*Information Wants to be Shared*

That is the new Harvard Business Review Press book by Joshua Gans, Amazon link here, $3.99, recommended.  Here is Joshua’s blog.

Comments

Who wants to wants to make the information in this book "more valuable, useful and immediate" by "sharing" it with me instead of charging $3.99?

Read the first line of the book description on Amazon: "Stewart Brand famously declared, 'Information wants to be free.' Except he didn’t (not really). And it doesn’t." Don't force information to be what it doesn't want to be ^_^

Hence why I asked someone to "share" it with me.

"More valuable, useful and immediate" are his words of what happens to information when you share it.

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Information wants to be anthropomorphized.

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If you buy the e-book from HBR.org, you can actually share it with friends for less than asking price. So we're trying to implement Joshua's theory, to some extent.

So, if he asks a penny less for it, "Less than the asking price" is $3.98 would be the price to make it a true statement.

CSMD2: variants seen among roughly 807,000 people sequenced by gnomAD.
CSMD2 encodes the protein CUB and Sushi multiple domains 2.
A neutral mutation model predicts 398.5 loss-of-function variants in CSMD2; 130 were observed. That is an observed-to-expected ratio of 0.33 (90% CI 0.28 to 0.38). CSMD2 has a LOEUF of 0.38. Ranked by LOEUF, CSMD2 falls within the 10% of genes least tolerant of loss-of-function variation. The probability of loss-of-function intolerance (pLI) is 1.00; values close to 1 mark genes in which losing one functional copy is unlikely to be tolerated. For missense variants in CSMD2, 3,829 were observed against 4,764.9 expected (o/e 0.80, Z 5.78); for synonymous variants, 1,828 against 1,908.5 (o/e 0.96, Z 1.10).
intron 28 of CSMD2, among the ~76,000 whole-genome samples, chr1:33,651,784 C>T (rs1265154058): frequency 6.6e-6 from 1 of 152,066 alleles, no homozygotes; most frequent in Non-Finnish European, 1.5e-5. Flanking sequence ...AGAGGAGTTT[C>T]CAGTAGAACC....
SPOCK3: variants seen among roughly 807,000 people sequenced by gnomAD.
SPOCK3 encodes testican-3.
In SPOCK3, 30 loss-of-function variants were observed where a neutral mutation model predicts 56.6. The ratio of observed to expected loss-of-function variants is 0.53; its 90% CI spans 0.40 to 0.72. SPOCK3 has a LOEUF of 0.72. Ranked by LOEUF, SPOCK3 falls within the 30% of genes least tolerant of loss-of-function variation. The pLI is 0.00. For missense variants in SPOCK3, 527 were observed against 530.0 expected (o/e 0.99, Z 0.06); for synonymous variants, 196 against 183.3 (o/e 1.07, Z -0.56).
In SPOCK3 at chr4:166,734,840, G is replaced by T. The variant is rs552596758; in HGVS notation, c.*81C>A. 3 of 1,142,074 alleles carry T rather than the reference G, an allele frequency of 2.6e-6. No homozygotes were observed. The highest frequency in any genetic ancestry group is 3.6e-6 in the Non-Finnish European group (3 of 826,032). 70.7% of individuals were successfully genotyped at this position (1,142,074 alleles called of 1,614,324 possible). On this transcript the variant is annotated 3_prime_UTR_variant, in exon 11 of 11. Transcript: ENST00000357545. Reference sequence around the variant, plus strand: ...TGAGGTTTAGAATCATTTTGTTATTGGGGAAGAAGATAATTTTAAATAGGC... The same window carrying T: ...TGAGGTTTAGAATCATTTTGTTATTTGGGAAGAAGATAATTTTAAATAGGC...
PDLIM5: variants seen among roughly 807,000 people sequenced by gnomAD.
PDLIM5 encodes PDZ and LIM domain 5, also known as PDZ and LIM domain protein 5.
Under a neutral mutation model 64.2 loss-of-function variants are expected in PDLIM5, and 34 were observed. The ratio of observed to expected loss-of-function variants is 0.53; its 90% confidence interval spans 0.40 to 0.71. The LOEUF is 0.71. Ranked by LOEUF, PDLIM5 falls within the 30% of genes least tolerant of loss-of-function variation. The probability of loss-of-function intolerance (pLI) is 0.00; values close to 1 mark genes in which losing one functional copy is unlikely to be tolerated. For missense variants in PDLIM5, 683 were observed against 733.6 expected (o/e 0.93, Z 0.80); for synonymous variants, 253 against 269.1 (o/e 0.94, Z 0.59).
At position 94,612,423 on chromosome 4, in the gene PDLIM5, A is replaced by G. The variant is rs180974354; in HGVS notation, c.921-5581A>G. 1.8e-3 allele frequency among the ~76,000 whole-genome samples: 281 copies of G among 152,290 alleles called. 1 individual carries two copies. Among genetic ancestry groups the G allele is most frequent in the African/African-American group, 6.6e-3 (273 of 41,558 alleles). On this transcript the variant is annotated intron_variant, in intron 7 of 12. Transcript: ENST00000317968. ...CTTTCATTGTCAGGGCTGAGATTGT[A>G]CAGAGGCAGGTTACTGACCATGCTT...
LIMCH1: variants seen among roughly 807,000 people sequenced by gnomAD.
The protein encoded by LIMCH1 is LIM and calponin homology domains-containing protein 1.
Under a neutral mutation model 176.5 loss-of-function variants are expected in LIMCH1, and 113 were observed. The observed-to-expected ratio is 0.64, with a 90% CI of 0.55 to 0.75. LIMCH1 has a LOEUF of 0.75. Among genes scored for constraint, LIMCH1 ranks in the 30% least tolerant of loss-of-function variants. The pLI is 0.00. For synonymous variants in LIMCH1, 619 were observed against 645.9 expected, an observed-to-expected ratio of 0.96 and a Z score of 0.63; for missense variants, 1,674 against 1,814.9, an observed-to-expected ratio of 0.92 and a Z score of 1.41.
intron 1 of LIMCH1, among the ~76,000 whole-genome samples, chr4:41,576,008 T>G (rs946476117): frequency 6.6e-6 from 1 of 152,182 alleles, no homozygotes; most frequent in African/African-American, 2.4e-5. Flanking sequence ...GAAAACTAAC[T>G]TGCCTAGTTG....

So, I ask, will he pay me to read it.

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How about Joshua implementing Joshua's theory?

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Guys, forget the optimality conditions [p = mc = 0], and look for feasibility! Price discrimination schemes look like such to some degree.

Or, go to Europe, where this sort of thing is optimally subsidized, right??

Any Swiss citizen can download this for free, legally, to the extent that the Swiss government has explicitly stated that it is not government policy to be in the least concerned about the copyright status of any data on the Internet, and that the Swiss government will not be spending any money on anything that could be called digital copyright enforcement of files available on the Internet. (A current overview, though it is mixed English/German - http://www.steigerlegal.ch/2012/09/21/digitale-piraterie-amerikanische-kritik-an-der-schweiz/ )

Is that what you meant?

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For Dan, I actually thought about that when choosing the publisher for the book.

My idea was to ensure that if you read the book and liked it then it would be easier to share it with friends. It is the thesis of the book that such things make good business sense.

So here is how HBR have implemented that idea. If you buy the book, you will find a code at the very end of the book that you can send to a friend. This will allow them to purchase it from HBR.org directly for just $0.99. That makes for pretty easy sharing.

There are other ways one can imagine doing that sort of thing but this is a good start and it will be interesting to see how it goes.

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